Conclusion

Making a product universal (and accessible) can bring great publicity and more users to your brand or device. OXO Good Grips is a prime example of this. The Good Grips are kitchen tools originally designed for the designer’s mother who has arthritis. The small, personal inspiration made a large impact on kitchen products and have secured a place in the National Museum of American History.

All these styles have the potential to be used together when considered early on in the design process and can benefit a large part of the population. As schools and companies who have the power to reinforce the importance of these design aspects, we need to incorporate these ideas into our projects to reduce unusable products, facilities, and services.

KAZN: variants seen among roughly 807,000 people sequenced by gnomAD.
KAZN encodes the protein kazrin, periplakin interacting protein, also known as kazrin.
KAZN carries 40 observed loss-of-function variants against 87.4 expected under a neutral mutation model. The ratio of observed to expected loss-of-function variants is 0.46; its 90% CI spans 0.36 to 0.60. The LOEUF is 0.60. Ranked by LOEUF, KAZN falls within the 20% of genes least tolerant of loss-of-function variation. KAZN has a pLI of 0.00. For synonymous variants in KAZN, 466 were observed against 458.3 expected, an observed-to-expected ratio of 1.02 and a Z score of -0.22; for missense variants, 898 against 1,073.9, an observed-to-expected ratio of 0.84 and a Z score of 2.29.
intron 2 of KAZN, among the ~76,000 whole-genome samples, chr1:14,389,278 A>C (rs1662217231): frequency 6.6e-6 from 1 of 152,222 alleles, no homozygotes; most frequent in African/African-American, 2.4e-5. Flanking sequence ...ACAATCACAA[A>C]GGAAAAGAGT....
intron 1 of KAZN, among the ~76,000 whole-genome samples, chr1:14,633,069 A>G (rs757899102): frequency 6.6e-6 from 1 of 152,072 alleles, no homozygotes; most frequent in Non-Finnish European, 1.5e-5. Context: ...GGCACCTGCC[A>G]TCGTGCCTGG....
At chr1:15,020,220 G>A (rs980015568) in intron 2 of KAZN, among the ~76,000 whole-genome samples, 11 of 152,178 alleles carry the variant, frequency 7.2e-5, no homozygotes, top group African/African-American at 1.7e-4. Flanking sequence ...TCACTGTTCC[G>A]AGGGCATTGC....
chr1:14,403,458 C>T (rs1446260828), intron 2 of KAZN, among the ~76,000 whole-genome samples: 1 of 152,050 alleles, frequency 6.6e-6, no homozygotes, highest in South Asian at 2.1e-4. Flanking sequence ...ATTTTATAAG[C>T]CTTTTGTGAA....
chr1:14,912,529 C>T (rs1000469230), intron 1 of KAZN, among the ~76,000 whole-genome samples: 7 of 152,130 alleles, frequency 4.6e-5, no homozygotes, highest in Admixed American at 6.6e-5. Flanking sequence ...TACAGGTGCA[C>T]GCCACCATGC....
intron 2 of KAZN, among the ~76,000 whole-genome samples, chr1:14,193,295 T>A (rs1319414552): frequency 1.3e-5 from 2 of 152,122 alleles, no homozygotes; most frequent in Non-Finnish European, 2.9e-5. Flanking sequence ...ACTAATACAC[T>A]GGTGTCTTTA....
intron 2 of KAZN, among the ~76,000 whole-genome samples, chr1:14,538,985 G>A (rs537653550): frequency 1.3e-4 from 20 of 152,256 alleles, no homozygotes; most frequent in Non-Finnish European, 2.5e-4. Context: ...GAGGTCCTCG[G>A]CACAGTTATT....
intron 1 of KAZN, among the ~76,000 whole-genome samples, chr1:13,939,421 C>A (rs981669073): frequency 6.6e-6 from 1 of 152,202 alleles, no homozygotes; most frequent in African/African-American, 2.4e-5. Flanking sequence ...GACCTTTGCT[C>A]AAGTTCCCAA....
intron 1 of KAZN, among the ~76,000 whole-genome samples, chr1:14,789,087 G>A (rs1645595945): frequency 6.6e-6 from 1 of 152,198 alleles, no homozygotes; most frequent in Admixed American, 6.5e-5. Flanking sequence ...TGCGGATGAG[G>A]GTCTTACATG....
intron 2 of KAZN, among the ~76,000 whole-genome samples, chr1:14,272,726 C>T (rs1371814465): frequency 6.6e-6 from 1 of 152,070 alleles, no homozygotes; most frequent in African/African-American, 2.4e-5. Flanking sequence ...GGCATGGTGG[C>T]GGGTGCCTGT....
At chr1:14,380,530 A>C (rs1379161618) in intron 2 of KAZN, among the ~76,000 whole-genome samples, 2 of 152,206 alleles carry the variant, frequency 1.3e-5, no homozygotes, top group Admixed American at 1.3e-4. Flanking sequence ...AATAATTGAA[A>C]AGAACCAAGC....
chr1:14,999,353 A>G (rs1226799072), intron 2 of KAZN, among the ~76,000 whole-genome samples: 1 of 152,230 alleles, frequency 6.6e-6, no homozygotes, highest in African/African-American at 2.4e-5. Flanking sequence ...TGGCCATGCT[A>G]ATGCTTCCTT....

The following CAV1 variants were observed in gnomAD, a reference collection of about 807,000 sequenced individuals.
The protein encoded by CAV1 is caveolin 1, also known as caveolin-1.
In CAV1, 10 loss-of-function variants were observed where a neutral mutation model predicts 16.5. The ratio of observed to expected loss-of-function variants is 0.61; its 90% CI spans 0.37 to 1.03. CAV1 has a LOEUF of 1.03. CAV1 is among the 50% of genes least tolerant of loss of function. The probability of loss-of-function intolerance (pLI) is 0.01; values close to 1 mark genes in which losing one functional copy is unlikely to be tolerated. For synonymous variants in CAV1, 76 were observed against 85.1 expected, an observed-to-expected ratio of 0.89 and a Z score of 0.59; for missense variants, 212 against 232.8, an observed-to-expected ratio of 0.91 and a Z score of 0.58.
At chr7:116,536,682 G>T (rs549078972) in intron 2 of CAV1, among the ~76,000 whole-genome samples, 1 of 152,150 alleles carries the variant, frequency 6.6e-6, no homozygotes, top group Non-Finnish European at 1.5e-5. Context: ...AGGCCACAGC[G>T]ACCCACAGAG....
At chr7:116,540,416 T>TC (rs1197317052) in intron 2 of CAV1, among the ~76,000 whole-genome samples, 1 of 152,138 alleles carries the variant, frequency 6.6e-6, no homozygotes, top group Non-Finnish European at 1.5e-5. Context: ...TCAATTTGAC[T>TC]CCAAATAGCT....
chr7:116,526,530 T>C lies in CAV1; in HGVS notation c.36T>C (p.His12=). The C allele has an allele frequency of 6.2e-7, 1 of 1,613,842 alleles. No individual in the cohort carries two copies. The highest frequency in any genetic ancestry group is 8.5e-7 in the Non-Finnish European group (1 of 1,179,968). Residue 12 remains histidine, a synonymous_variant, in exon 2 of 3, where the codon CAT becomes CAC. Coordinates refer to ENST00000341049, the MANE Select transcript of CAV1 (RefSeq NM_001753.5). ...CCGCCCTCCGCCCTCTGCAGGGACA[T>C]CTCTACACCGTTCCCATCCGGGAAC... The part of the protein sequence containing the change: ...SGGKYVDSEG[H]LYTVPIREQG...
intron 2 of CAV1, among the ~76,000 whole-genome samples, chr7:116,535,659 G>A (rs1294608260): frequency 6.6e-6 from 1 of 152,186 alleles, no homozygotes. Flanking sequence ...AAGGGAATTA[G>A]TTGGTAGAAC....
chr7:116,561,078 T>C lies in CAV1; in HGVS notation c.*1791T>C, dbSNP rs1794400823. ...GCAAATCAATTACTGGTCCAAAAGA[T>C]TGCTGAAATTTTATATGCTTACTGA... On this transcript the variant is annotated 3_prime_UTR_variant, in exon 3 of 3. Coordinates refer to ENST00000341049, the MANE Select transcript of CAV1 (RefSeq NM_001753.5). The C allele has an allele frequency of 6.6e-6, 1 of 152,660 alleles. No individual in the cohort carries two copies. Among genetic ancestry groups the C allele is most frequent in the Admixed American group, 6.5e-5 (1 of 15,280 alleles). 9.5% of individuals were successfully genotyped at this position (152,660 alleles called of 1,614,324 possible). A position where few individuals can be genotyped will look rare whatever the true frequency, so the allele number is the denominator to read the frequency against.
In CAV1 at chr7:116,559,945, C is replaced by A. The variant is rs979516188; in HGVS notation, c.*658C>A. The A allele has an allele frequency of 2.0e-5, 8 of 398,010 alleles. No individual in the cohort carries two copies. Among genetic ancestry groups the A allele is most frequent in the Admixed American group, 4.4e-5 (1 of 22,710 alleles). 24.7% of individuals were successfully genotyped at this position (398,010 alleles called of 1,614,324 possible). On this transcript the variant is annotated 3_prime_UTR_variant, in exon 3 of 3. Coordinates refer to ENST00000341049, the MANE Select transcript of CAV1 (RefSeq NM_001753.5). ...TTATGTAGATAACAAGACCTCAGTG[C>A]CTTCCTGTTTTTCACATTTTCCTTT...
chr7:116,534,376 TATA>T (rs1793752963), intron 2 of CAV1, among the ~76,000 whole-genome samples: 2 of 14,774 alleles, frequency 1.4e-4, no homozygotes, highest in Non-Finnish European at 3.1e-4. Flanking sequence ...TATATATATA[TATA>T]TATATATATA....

“Participation doesn’t require a particular design. But a particular design can prohibit participation.” – Kat Holmes, FastCompany

Jacqueline Edwards is User Interface Design Associate at Emergo by UL’s Human Factors Research & Design division.

Additional human factors engineering and usability resources from Emergo by UL:

  • Human factors design and prototype development support
  • HFE user research for medical devices and IVDs
  • Webinar: Methods for identifying potential use errors